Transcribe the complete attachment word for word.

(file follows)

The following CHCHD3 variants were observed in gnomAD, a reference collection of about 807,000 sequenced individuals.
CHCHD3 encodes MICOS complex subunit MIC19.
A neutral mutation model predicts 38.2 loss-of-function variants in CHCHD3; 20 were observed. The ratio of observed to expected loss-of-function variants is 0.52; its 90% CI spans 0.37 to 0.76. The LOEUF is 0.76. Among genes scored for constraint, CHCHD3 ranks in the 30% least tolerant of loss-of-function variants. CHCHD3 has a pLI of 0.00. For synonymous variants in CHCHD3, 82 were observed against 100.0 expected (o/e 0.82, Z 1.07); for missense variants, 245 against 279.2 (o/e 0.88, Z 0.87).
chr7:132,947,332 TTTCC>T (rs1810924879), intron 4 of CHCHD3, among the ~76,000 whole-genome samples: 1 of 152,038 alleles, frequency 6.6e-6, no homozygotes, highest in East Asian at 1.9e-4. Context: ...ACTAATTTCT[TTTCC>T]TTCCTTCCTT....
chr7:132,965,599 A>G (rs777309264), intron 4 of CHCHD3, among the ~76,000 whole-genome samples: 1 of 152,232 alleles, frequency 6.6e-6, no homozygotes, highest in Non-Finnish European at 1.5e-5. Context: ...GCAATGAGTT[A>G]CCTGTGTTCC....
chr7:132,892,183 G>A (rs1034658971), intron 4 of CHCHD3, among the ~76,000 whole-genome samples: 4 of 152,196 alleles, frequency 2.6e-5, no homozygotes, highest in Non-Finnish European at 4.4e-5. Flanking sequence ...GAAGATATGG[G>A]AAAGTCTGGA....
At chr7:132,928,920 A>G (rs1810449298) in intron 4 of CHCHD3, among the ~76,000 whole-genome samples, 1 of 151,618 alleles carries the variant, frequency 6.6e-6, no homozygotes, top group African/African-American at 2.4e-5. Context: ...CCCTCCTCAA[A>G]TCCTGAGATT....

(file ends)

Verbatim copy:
The following CHCHD3 variants were observed in gnomAD, a reference collection of about 807,000 sequenced individuals.
CHCHD3 encodes MICOS complex subunit MIC19.
A neutral mutation model predicts 38.2 loss-of-function variants in CHCHD3; 20 were observed. The ratio of observed to expected loss-of-function variants is 0.52; its 90% CI spans 0.37 to 0.76. The LOEUF is 0.76. Among genes scored for constraint, CHCHD3 ranks in the 30% least tolerant of loss-of-function variants. CHCHD3 has a pLI of 0.00. For synonymous variants in CHCHD3, 82 were observed against 100.0 expected (o/e 0.82, Z 1.07); for missense variants, 245 against 279.2 (o/e 0.88, Z 0.87).
chr7:132,947,332 TTTCC>T (rs1810924879), intron 4 of CHCHD3, among the ~76,000 whole-genome samples: 1 of 152,038 alleles, frequency 6.6e-6, no homozygotes, highest in East Asian at 1.9e-4. Context: ...ACTAATTTCT[TTTCC>T]TTCCTTCCTT....
chr7:132,965,599 A>G (rs777309264), intron 4 of CHCHD3, among the ~76,000 whole-genome samples: 1 of 152,232 alleles, frequency 6.6e-6, no homozygotes, highest in Non-Finnish European at 1.5e-5. Context: ...GCAATGAGTT[A>G]CCTGTGTTCC....
chr7:132,892,183 G>A (rs1034658971), intron 4 of CHCHD3, among the ~76,000 whole-genome samples: 4 of 152,196 alleles, frequency 2.6e-5, no homozygotes, highest in Non-Finnish European at 4.4e-5. Flanking sequence ...GAAGATATGG[G>A]AAAGTCTGGA....
At chr7:132,928,920 A>G (rs1810449298) in intron 4 of CHCHD3, among the ~76,000 whole-genome samples, 1 of 151,618 alleles carries the variant, frequency 6.6e-6, no homozygotes, top group African/African-American at 2.4e-5. Context: ...CCCTCCTCAA[A>G]TCCTGAGATT....